An organisation should have systematic approaches for monitoring its health and safety controls as part of its management system. This is where monitoring comes in. There are two types of monitoring; active monitoring and reactive monitoring. In this post, we’ll look at these two types and their critical differences.
Active monitoring gives organisations feedback on performance before an accident, incident or ill health. It includes monitoring the achievement of specific plans and objectives, the operation of the health and safety management system, and compliance with performance standards. This provides a firm basis for decisions about improvements in risk control and the health and safety management system. Examples:
Reactive monitoring, by definition, is triggered after an event and involves collecting information over time and collating that information to provide management information on performance trends and fluctuations.
Each event allows an organisation to check performance, learn from mistakes, and improve the health and safety management system and risk controls. Examples:
- Accident and Incident Data
- Sickness Absence
- Incident Investigations
- Enforcement Actions
Leading and Lagging Indicators
If unchecked, all systems will deteriorate over time. Significant incidents occur when defects across several risk control systems materialise concurrently. Setting leading and lagging indicators for each risk critical control system should reveal failings in these barriers as they arise and before all the essential barriers are defeated.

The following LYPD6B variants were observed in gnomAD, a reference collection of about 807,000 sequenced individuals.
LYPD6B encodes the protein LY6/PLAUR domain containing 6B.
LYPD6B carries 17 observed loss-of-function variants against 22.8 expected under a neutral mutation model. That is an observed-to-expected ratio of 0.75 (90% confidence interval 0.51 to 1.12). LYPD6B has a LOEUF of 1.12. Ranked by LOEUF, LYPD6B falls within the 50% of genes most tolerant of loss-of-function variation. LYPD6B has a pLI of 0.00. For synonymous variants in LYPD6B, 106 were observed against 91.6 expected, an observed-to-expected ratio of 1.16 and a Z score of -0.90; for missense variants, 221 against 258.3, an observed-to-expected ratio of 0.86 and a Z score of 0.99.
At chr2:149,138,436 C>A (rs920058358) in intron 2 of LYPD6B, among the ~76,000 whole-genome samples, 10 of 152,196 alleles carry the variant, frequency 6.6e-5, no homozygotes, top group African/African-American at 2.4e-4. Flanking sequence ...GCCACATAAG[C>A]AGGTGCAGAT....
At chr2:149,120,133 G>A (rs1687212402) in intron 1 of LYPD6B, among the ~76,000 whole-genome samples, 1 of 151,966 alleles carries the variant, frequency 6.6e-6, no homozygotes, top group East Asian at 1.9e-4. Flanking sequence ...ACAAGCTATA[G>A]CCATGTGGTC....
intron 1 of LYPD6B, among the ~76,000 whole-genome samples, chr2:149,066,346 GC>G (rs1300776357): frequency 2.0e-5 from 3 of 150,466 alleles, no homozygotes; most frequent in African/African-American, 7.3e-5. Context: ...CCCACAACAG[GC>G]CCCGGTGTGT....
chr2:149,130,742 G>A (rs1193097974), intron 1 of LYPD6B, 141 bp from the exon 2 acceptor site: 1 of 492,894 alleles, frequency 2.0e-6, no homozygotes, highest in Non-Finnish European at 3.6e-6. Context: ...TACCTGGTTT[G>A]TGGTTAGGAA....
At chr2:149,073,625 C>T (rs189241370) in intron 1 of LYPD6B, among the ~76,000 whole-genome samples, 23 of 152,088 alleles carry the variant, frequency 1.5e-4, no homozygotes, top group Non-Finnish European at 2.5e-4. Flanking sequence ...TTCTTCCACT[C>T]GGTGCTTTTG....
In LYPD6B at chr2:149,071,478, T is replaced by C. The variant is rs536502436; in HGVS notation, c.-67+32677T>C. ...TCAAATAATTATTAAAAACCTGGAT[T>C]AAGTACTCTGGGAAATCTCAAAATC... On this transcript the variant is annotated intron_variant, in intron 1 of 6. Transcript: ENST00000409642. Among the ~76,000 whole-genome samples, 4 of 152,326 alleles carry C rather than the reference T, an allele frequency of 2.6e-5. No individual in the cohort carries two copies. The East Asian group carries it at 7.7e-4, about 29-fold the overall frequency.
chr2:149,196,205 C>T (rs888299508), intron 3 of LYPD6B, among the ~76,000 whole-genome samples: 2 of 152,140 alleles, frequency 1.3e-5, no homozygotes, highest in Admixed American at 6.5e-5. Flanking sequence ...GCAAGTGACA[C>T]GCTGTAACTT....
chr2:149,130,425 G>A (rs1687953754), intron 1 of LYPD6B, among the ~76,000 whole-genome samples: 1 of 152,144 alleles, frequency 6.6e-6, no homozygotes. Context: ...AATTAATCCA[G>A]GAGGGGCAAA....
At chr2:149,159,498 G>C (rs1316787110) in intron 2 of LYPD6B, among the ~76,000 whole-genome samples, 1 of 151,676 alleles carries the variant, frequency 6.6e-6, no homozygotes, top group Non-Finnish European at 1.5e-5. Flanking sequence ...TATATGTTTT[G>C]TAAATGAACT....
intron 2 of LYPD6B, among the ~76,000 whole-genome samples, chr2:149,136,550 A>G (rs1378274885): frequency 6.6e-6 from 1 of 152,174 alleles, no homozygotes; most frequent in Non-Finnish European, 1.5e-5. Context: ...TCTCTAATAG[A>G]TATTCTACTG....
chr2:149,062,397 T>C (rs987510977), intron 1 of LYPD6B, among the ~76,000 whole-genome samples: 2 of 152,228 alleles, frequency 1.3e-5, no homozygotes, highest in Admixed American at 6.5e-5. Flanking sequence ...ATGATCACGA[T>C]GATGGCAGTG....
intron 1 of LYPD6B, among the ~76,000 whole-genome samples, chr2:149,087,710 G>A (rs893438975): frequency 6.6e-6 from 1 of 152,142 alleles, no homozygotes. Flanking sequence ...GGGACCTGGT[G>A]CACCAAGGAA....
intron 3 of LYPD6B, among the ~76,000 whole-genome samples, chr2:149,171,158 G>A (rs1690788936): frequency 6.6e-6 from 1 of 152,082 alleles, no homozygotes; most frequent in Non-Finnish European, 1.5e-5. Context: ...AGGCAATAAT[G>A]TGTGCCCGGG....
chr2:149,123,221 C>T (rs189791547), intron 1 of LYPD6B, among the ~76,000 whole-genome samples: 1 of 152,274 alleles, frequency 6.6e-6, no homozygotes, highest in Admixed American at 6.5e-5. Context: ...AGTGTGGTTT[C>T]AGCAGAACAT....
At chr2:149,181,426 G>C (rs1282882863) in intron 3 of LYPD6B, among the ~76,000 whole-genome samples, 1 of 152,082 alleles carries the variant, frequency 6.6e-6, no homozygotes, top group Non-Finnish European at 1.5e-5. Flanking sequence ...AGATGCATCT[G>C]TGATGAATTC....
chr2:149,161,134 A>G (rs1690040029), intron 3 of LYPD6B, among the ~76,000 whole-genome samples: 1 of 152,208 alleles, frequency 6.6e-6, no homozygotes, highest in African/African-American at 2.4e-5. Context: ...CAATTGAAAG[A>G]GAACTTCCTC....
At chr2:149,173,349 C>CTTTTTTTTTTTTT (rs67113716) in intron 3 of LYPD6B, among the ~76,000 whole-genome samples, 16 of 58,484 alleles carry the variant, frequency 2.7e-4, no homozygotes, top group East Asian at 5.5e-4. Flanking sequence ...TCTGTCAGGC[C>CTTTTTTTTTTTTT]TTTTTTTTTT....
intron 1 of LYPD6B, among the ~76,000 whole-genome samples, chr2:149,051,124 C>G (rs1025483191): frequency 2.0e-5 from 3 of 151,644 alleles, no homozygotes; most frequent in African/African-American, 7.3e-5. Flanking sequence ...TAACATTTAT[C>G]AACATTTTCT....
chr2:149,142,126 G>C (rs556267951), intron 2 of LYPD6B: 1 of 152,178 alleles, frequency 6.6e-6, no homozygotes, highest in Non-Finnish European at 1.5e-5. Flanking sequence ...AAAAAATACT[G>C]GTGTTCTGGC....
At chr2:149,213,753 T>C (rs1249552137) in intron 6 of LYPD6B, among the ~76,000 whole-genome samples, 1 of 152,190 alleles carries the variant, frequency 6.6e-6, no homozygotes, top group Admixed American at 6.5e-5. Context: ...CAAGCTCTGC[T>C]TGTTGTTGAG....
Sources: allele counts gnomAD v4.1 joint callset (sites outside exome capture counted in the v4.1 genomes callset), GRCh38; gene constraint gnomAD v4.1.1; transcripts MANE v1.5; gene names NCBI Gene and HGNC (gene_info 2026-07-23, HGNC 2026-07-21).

Leading indicators are a form of active monitoring focused on a few critical risk control systems to ensure their continued effectiveness. They involve a routine systematic check that key actions or activities are undertaken as intended. The leading indicator identifies failings in vital aspects of the risk control system discovered during regular inspections of the operation of a critical activity within the risk control system.
Lagging indicators are a form of reactive monitoring requiring the reporting and investigation of specific incidents and events to discover weaknesses in the system. These incidents or events do not have to result in significant damage or injury. Instead, they represent a failure of a critical control system that guards against or limits the consequences of an incident. Lagging indicators show when a desired safety outcome has failed or has not been achieved. They reveal failings in the system discovered following an incident or adverse event.